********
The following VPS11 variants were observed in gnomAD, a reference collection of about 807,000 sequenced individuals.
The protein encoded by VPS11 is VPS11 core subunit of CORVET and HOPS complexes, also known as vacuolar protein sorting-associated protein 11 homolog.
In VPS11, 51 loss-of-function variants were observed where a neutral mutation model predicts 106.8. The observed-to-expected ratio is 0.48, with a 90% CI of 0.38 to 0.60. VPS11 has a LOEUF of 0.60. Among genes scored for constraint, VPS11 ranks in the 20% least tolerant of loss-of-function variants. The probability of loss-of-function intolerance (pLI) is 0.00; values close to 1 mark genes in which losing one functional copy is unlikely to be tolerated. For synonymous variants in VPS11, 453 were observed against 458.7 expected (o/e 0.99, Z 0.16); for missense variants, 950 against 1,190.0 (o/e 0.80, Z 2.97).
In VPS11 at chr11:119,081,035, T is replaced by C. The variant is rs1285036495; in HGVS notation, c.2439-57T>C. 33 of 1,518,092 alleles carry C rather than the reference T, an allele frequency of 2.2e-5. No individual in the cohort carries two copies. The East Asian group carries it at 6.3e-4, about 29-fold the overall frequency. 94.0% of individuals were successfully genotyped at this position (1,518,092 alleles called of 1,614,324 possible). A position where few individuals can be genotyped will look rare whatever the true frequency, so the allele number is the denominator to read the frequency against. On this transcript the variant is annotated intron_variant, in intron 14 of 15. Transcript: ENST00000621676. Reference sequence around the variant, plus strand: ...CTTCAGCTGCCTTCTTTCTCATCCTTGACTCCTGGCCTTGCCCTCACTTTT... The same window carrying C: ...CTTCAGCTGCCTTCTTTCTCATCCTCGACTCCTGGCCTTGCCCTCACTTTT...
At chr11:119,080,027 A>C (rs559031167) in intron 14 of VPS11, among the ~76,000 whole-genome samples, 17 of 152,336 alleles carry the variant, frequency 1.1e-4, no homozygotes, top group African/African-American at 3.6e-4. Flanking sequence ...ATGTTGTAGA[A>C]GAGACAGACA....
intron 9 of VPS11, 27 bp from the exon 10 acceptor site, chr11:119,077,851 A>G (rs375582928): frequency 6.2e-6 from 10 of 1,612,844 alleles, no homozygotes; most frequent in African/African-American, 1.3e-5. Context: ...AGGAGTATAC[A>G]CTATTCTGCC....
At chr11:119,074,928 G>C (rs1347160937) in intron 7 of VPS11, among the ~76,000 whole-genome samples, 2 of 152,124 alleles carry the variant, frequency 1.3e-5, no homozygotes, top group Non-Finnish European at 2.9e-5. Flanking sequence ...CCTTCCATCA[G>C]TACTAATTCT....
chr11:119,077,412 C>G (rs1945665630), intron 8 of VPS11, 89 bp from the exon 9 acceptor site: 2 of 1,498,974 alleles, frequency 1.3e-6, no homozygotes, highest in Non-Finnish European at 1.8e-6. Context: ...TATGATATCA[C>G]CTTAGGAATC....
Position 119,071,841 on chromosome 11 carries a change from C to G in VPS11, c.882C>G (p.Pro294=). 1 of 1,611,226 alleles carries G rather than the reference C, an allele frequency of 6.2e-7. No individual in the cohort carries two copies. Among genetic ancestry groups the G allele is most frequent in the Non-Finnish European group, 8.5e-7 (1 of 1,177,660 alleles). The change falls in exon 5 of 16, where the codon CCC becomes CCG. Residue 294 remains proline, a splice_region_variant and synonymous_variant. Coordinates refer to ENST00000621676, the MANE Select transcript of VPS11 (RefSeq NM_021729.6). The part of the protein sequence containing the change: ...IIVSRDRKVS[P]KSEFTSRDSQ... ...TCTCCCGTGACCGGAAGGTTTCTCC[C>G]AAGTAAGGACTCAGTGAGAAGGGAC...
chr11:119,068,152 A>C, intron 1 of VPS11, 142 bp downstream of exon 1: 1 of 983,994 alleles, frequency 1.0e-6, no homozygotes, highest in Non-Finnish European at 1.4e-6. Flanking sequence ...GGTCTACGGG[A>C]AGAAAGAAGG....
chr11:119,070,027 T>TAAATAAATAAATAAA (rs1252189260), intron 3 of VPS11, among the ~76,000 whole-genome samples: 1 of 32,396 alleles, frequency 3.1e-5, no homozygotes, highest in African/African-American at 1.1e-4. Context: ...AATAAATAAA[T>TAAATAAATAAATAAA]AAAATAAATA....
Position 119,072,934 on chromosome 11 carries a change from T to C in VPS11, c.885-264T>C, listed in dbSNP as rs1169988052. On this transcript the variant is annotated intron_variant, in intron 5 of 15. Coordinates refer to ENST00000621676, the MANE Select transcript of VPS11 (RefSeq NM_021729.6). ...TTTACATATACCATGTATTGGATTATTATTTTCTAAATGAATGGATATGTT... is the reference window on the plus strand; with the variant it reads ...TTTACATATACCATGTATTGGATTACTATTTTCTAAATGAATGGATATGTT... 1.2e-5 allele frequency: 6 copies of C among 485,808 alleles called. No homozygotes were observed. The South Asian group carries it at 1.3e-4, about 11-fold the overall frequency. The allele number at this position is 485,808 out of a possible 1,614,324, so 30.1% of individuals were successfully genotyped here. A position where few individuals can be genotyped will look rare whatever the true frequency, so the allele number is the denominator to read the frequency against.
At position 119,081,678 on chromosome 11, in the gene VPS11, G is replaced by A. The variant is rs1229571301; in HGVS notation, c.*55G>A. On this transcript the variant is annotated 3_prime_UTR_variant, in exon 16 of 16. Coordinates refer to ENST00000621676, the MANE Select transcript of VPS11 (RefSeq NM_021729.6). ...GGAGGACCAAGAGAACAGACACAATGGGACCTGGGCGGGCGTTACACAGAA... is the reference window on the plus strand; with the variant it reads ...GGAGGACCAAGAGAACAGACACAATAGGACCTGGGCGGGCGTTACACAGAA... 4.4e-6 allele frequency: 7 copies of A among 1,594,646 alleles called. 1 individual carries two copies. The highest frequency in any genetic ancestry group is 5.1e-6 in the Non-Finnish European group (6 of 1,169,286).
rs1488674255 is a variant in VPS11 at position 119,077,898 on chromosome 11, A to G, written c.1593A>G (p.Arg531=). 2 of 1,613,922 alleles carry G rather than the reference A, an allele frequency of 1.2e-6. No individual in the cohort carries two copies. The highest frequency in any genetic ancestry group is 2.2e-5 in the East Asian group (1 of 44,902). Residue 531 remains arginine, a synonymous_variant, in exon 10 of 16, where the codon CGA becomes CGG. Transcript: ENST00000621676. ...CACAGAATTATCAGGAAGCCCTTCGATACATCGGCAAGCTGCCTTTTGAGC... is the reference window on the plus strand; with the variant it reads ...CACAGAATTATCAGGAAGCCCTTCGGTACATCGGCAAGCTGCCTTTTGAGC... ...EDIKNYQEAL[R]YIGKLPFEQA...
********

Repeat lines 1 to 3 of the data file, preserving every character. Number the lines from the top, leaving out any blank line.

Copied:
The following VPS11 variants were observed in gnomAD, a reference collection of about 807,000 sequenced individuals.
The protein encoded by VPS11 is VPS11 core subunit of CORVET and HOPS complexes, also known as vacuolar protein sorting-associated protein 11 homolog.
In VPS11, 51 loss-of-function variants were observed where a neutral mutation model predicts 106.8. The observed-to-expected ratio is 0.48, with a 90% CI of 0.38 to 0.60. VPS11 has a LOEUF of 0.60. Among genes scored for constraint, VPS11 ranks in the 20% least tolerant of loss-of-function variants. The probability of loss-of-function intolerance (pLI) is 0.00; values close to 1 mark genes in which losing one functional copy is unlikely to be tolerated. For synonymous variants in VPS11, 453 were observed against 458.7 expected (o/e 0.99, Z 0.16); for missense variants, 950 against 1,190.0 (o/e 0.80, Z 2.97).